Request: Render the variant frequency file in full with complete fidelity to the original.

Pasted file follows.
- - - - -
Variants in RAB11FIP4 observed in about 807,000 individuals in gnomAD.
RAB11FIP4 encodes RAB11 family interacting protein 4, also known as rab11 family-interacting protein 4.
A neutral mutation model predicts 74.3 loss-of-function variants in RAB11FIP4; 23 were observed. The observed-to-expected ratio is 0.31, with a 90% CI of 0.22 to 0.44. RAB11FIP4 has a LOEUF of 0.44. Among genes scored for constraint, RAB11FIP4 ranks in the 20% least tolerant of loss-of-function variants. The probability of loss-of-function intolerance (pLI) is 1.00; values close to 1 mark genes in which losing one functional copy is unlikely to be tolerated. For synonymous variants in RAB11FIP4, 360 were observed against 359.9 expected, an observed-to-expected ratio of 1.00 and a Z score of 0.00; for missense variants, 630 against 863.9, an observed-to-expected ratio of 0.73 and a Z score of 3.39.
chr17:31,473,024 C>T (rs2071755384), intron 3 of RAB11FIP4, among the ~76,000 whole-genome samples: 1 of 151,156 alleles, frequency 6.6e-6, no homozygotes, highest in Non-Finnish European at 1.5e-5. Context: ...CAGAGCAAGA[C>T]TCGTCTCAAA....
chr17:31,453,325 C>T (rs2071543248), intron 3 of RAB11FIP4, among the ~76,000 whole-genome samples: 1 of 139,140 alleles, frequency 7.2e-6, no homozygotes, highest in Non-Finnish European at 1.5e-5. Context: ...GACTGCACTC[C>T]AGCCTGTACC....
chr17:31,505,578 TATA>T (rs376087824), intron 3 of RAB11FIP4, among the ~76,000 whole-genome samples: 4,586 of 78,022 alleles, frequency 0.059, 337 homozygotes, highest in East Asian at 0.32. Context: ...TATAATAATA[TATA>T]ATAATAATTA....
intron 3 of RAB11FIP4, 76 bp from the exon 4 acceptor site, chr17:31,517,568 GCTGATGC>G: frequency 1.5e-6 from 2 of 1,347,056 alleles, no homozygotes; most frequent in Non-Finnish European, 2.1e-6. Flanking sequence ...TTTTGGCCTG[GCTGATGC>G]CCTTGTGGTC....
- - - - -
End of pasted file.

Variants in RAB11FIP4 observed in about 807,000 individuals in gnomAD.
RAB11FIP4 encodes RAB11 family interacting protein 4, also known as rab11 family-interacting protein 4.
A neutral mutation model predicts 74.3 loss-of-function variants in RAB11FIP4; 23 were observed. The observed-to-expected ratio is 0.31, with a 90% CI of 0.22 to 0.44. RAB11FIP4 has a LOEUF of 0.44. Among genes scored for constraint, RAB11FIP4 ranks in the 20% least tolerant of loss-of-function variants. The probability of loss-of-function intolerance (pLI) is 1.00; values close to 1 mark genes in which losing one functional copy is unlikely to be tolerated. For synonymous variants in RAB11FIP4, 360 were observed against 359.9 expected, an observed-to-expected ratio of 1.00 and a Z score of 0.00; for missense variants, 630 against 863.9, an observed-to-expected ratio of 0.73 and a Z score of 3.39.
chr17:31,473,024 C>T (rs2071755384), intron 3 of RAB11FIP4, among the ~76,000 whole-genome samples: 1 of 151,156 alleles, frequency 6.6e-6, no homozygotes, highest in Non-Finnish European at 1.5e-5. Context: ...CAGAGCAAGA[C>T]TCGTCTCAAA....
chr17:31,453,325 C>T (rs2071543248), intron 3 of RAB11FIP4, among the ~76,000 whole-genome samples: 1 of 139,140 alleles, frequency 7.2e-6, no homozygotes, highest in Non-Finnish European at 1.5e-5. Context: ...GACTGCACTC[C>T]AGCCTGTACC....
chr17:31,505,578 TATA>T (rs376087824), intron 3 of RAB11FIP4, among the ~76,000 whole-genome samples: 4,586 of 78,022 alleles, frequency 0.059, 337 homozygotes, highest in East Asian at 0.32. Context: ...TATAATAATA[TATA>T]ATAATAATTA....
intron 3 of RAB11FIP4, 76 bp from the exon 4 acceptor site, chr17:31,517,568 GCTGATGC>G: frequency 1.5e-6 from 2 of 1,347,056 alleles, no homozygotes; most frequent in Non-Finnish European, 2.1e-6. Flanking sequence ...TTTTGGCCTG[GCTGATGC>G]CCTTGTGGTC....